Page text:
Jennifer Long
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Jennifer Long captures glimpses of life in wintery Paris and Venice on canvas

The light is softer, the skies are overcast, and the trees are bare in Sojourner, Jennifer Long’s 2009 solo exhibition of new works.

This latest collection of 40 oils predominantly portrays Paris and Venice in the depths of winter, in subtle contrast to past exhibitions where the Brisbane artist’s depiction of Europe has been of spring and summer.

“It was quite cold and the colours seemed to be different,” said Jennifer, describing her most recent journey abroad, travelling with her husband and two daughters in January to the UK, France and Italy.

“I hadn’t focused on winter before. There was a lovely light - not as sharp as in summer.

“Overcast skies were broken by beautiful cerulean blue skies. The shadows were quite distinct and in Venice the terracotta colours showed up against the water and the brilliant winter sky.”

“And I felt Paris reflected a softer palette of grey and beige against which bright colour stood out in sharp relief.”

Jennifer’s winter scenes are quiet, reflective works that exude a sense of stillness. Often there’s a human presence, perhaps a lone figure, and suggestions of something unseen, undiscovered, or a story yet to be told.

The artist’s ongoing love of detail, colour and her fascination for sculptural and patterned forms, the flowing curves of metalwork and the textured surfaces of ancient walls, continues to be a feature in her latest paintings.

But in painting for this exhibition, Jennifer says she has changed course slightly, away from just depicting a detailed scene, to thinking about the figure moving through space.

“People who have a slight connection with the scene – that intrigues me,” said Jennifer, referring also to the name she has chosen for her exhibition – Sojourner.

“We weren’t there long – we were just passing through – and I wanted to capture that temporary feel and the very temporary relationship with the subject matter,” explained Jennifer.

“In passing, you get a brief glimpse into the life of these cities - through doorways and windows, along paths and under bridges, and it makes an impression.”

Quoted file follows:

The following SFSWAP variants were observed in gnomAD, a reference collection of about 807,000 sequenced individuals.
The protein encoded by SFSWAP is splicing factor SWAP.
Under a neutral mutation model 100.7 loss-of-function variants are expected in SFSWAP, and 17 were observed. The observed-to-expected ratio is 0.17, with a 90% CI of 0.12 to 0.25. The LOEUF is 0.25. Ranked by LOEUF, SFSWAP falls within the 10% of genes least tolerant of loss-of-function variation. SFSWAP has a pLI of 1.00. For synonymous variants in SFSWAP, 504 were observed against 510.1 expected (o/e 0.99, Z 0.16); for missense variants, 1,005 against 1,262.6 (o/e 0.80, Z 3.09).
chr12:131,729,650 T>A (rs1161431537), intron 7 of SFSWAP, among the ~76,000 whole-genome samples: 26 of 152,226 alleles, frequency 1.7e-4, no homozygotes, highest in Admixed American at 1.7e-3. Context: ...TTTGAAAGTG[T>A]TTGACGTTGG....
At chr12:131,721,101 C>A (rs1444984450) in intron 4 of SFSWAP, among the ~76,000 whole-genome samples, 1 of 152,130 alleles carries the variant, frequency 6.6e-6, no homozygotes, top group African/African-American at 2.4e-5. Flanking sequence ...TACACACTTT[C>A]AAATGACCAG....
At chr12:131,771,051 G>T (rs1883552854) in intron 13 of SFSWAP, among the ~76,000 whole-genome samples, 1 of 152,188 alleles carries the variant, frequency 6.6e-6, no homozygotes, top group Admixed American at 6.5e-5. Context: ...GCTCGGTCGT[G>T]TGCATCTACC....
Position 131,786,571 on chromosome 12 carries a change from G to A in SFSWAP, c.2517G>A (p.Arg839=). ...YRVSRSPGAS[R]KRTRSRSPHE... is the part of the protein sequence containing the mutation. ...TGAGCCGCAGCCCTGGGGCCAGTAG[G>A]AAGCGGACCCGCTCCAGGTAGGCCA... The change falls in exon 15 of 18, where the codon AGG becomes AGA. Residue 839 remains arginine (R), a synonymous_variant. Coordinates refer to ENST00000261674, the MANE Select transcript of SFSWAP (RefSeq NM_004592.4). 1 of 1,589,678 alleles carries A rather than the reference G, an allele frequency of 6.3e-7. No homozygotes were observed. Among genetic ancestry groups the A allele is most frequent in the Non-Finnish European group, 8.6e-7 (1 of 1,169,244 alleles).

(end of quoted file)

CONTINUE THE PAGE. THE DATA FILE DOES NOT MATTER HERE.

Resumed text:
Jennifer has focused on this perspective of ‘passing through’ a scene. The experience of the artist in different places; the depiction of people who briefly pass across the artist’s line of vision as they go about their activities, and the viewer’s temporary engagement with what the artist has seen.

“This is what catches my imagination – a glimpse of life that I can relate to, but it’s ever so brief.”

Jennifer says viewers of her exhibition are taken to another place and time to encounter something they wouldn’t ordinarily get a chance to see and experience.

In Paris she visited the Montmartre and the Marais, various parks and squares including Tuileries and Place des Vosges, strolled along the Promenade des Plantes, and several of Jennifer’s works include the chateau and its grounds at Versailles, outside the French capital.

During her weeklong sojourn in Venice there were a few places Jennifer wanted to see - St Mark’s Square, Murano, and she found the statue, Tobias and the Angel, in one of the Venetian churches she visited.

“We wended our way across bridges and along canals, crossed the Rialto Bridge several times and wandered along The Zattere,” said Jennifer, taking note of the city’s commerce, building facades and the colour along the way.

“I loved the aged patina of the surfaces - the brilliant ochres and Venetian reds of the walls. Sometimes the water was so blue, reflecting the sky, or so green, in the shade.

“I found Venice to be a very exciting little city with a Renaissance/Mediaeval feel in the detail. And its old crafts - like leather, glass and paper making – and mask wearing, effect a slight darkness to the light.”

This undercurrent of a hidden world, accentuated by the narrow streets that twist and turn, and curio shops that reveal all manner of strange and fantastic objects, caught Jennifer’s imagination.

She was drawn to paint these shopfronts and there’s a selection of them among her latest collection.

Graydon Gallery, 29 Merthyr Road, New Farm
13 – 25 October 2009
Opening night: Friday, 16 October (6 – 8pm)
Gallery hours during exhibition: Tuesday to Sunday, 10am - 6pm